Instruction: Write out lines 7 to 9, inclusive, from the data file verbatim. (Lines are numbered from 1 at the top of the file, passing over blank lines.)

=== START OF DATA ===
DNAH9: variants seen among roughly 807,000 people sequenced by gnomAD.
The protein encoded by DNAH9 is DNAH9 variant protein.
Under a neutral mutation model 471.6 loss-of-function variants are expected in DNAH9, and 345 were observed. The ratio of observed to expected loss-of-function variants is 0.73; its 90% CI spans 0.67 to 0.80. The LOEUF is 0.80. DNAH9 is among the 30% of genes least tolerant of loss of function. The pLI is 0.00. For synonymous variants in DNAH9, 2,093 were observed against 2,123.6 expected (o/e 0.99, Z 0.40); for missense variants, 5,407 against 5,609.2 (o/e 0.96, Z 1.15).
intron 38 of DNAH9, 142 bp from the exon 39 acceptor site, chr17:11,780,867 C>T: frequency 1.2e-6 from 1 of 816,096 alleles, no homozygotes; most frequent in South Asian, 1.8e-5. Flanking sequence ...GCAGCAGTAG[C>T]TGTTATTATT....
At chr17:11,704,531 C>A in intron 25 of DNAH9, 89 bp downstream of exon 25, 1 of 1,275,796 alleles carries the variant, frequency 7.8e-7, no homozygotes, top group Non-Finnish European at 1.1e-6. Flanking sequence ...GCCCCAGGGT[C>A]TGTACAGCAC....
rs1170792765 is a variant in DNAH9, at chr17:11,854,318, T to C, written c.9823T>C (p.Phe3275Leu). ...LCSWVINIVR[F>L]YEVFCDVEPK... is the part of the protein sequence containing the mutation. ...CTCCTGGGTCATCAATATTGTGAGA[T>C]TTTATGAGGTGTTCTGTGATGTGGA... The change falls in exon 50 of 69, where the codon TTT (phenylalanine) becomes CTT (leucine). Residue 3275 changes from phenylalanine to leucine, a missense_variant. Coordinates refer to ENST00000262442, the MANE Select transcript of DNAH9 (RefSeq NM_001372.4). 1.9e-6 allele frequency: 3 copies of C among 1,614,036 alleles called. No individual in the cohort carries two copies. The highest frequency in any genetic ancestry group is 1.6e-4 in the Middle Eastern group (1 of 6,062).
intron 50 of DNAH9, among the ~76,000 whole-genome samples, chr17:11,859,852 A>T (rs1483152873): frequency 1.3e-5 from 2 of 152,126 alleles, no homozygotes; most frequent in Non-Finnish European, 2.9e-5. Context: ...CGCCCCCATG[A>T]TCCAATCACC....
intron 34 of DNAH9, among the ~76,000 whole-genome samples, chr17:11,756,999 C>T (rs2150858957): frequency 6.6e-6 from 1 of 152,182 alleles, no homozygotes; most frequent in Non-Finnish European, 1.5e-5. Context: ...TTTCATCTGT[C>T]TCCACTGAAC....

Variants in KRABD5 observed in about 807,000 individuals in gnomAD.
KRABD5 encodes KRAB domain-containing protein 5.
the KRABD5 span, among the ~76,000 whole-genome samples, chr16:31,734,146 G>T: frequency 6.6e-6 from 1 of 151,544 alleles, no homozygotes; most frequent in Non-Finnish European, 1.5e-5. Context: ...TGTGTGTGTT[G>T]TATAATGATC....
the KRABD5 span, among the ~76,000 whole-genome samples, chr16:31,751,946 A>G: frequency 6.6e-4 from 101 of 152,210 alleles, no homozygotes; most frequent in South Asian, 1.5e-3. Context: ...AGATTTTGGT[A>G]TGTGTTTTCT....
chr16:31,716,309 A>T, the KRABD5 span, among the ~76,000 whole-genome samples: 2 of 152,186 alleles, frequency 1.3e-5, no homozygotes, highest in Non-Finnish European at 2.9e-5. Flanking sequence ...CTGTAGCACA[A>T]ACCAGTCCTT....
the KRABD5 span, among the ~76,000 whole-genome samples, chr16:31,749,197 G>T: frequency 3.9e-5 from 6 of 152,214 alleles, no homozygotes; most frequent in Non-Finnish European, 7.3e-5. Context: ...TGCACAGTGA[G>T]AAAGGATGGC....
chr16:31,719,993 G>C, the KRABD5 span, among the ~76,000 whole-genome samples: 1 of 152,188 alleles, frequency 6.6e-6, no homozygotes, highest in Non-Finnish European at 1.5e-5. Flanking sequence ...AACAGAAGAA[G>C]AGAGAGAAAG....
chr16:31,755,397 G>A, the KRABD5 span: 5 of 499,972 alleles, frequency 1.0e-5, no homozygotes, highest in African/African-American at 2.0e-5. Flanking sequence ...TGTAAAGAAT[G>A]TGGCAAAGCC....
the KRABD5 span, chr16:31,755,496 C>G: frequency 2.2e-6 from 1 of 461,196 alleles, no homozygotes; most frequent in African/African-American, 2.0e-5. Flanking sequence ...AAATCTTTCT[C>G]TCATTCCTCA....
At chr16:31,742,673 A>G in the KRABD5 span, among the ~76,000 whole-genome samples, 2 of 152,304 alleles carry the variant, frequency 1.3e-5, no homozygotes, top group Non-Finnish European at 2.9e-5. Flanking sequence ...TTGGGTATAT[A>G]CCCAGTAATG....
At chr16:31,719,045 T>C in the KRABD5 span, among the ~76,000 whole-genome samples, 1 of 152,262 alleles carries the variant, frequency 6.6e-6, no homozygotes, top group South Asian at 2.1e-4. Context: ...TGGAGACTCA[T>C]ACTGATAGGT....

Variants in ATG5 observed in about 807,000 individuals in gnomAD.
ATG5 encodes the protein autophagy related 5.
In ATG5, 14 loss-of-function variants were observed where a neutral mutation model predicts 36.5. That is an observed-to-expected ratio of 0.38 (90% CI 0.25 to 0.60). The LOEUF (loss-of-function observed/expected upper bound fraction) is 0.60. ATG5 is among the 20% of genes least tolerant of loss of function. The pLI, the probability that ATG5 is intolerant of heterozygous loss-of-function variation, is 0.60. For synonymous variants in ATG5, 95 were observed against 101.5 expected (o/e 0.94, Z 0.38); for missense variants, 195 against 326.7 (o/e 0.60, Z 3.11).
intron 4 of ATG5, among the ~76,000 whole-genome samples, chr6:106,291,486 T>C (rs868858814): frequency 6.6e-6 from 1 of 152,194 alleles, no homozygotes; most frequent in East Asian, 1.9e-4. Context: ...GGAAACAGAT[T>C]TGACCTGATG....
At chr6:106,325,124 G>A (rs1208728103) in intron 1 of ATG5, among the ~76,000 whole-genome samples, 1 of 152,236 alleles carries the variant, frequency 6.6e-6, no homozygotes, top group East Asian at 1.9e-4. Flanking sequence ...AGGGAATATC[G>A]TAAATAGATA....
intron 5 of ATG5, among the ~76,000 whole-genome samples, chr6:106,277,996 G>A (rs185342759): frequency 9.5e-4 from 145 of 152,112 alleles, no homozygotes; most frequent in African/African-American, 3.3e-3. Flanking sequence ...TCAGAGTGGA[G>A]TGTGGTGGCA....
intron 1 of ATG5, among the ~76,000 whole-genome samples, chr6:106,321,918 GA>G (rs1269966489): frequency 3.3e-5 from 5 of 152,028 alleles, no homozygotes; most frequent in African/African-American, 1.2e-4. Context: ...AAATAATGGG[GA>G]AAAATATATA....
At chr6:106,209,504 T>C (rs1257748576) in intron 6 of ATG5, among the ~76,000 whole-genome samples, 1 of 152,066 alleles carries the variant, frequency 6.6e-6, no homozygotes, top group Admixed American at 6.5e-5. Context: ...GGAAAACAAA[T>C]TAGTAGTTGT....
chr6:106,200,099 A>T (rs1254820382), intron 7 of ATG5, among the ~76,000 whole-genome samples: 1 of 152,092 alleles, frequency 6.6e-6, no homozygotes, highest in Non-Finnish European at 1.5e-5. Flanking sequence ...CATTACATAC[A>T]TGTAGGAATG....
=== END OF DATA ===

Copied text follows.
intron 50 of DNAH9, among the ~76,000 whole-genome samples, chr17:11,859,852 A>T (rs1483152873): frequency 1.3e-5 from 2 of 152,126 alleles, no homozygotes; most frequent in Non-Finnish European, 2.9e-5. Context: ...CGCCCCCATG[A>T]TCCAATCACC....
intron 34 of DNAH9, among the ~76,000 whole-genome samples, chr17:11,756,999 C>T (rs2150858957): frequency 6.6e-6 from 1 of 152,182 alleles, no homozygotes; most frequent in Non-Finnish European, 1.5e-5. Context: ...TTTCATCTGT[C>T]TCCACTGAAC....

Variants in KRABD5 observed in about 807,000 individuals in gnomAD.